GOP Lawmaker Attacks Forest Service
WASHINGTON (AP) _ A Republican lawmaker sharply criticized a memo from two environmental groups that she said indicates the Forest Service planned to use the groups to help implement President Clinton’s plan to bar development of millions of acres of forests.
``That has not merely crossed the line, it totally obliterates the line″ between government and outside interest groups, Rep. Helen Chenoweth-Hage, R-Idaho, said Tuesday.
Chenoweth said a Jan. 24 memo shows the Forest Service was developing an agreement that would allow the World Wildlife Fund and the Conservation Biology Institute to develop a process for mapping and assessing roadless national forests, a key step in carrying out Clinton’s plan.
Staff members for Chenoweth’s House Resources forests and forest health subcommittee found the memo in documents the administration handed over to satisfy the panel’s request for materials related to the president’s proposal.
Through the Forest Service, the Clinton administration is drafting a sweeping regulation to protect from development permanently about 50 million acres of already roadless federal forests. Congressional Republicans, recreation groups and the timber industry want to sidetrack the initiative to keep access to the forests.
The memo Chenoweth’s staff found is a draft of a proposal for a $650,000 grant from the Wildlife Fund and the Biology Institute to the David and Lucile Packard Foundation. In the memo, the groups say they are eager to sign an agreement that would have the Forest Service and the groups ``work together to create a sound, science-based roadless areas assessment.″ At the Forest Service’s urging, it said, the agreement ``will be national in scope.″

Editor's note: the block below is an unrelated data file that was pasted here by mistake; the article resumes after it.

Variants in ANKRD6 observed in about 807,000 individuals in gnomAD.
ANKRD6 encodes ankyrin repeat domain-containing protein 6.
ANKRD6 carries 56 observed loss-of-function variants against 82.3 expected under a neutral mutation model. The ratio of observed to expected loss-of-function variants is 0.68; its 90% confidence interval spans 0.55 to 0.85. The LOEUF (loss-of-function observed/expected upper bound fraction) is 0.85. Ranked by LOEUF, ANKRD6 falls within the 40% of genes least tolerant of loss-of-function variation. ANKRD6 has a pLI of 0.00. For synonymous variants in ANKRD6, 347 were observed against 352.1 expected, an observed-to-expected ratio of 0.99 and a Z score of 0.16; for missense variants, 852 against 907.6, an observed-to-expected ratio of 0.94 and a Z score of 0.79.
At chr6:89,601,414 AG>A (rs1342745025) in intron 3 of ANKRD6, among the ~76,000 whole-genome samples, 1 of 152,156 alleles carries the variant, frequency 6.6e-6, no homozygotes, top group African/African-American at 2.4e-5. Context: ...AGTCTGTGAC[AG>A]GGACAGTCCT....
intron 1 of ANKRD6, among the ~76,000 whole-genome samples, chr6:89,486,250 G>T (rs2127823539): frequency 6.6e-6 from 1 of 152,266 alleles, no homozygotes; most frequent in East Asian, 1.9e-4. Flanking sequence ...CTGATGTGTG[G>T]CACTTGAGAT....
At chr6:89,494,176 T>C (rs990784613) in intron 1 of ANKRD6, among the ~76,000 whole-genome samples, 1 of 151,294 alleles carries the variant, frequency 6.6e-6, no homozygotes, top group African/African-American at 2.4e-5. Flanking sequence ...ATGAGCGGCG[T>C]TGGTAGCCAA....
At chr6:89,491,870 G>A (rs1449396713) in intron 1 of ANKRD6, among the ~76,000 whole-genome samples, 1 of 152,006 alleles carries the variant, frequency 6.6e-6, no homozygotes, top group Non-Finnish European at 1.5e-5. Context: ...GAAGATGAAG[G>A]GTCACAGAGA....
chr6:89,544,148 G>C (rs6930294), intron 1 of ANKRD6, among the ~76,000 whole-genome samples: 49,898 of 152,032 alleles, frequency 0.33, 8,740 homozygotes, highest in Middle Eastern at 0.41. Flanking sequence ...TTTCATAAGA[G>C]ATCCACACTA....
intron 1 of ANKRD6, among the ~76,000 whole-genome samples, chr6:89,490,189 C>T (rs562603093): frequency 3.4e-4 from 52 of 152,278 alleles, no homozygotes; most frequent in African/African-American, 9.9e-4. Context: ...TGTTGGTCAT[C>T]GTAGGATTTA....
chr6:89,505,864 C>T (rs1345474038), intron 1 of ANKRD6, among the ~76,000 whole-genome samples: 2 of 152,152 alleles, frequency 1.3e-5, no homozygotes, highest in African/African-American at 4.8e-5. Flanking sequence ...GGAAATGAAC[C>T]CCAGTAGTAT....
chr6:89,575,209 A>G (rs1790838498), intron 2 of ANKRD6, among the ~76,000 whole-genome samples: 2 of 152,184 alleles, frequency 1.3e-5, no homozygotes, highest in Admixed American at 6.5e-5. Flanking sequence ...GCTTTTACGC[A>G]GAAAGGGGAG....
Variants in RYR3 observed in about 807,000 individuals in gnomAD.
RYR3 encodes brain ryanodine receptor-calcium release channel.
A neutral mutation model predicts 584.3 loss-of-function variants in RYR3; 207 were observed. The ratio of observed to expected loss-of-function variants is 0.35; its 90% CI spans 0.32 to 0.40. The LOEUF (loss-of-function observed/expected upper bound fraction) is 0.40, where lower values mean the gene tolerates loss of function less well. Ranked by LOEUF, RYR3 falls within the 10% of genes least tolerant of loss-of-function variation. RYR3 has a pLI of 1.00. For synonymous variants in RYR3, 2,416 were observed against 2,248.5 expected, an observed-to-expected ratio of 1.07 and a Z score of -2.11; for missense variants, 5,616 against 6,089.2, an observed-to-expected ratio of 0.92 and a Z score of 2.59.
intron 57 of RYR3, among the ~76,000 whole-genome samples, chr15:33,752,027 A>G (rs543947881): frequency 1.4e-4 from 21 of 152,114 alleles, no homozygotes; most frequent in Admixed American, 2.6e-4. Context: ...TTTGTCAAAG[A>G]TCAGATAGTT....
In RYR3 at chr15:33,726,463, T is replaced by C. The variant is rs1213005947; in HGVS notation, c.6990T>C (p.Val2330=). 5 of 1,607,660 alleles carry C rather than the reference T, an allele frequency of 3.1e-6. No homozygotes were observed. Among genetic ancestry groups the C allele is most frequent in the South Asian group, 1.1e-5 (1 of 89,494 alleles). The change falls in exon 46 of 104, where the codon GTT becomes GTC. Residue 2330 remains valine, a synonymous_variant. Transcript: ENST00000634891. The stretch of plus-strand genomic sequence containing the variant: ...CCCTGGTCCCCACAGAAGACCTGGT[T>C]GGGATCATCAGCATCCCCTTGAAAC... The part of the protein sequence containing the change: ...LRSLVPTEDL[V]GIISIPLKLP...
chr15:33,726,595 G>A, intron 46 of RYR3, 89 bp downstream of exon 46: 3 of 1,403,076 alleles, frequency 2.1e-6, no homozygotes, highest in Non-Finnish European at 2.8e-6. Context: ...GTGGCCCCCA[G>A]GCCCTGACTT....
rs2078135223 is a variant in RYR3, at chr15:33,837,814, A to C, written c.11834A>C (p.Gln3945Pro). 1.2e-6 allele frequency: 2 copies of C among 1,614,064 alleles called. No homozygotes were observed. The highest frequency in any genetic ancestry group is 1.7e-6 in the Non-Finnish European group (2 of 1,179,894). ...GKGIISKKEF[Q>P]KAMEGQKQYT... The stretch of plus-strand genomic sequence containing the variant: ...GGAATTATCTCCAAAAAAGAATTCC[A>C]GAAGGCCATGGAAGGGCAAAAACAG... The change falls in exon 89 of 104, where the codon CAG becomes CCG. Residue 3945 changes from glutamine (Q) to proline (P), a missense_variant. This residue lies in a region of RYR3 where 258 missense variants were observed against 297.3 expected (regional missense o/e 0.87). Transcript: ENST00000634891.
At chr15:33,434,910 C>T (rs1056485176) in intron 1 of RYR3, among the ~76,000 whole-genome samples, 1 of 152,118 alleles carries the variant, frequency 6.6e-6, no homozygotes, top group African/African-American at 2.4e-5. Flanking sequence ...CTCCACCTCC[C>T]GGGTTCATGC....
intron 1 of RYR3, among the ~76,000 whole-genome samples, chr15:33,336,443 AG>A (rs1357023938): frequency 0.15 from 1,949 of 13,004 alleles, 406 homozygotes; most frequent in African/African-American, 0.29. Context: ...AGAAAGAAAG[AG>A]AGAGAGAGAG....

``We have a huge opportunity to influence the Forest Service and perhaps other agencies to move progressively on the roadless areas issue and perhaps others,″ the memo says.
Forest Service Chief Mike Dombeck said he never would sign such an agreement and he cannot be held accountable for a memo written by two environmental groups.
``It’s basically a suggestion on the part of someone,″ Dombeck said.
Dominick DellaSalla, director of the Klamath-Siskiyou regional program for the Wildlife Fund, confirmed the authenticity of the document. But he said the groups ultimately requested only $400,000 from the Packard foundation.
DellaSalla said the groups were ``exaggerating for the purpose of trying to get a foundation grant″ when they wrote the essence of the proposed agreement was to help the Forest Service create a sound, science-based roadless areas assessment.
Scott Rehmus, an associate program manager at Packard, said no final decision has been made on the groups’ request.
On the Net: World Wildlife Fund: http://www.worldwildlife.org/
Forests and Forest Health Subcommittee: http://www.house.gov/resources/forests/
U.S. Forest Service: http://www.fs.fed.us/
David and Lucile Packard Foundation: http://www.packfound.org/index.htm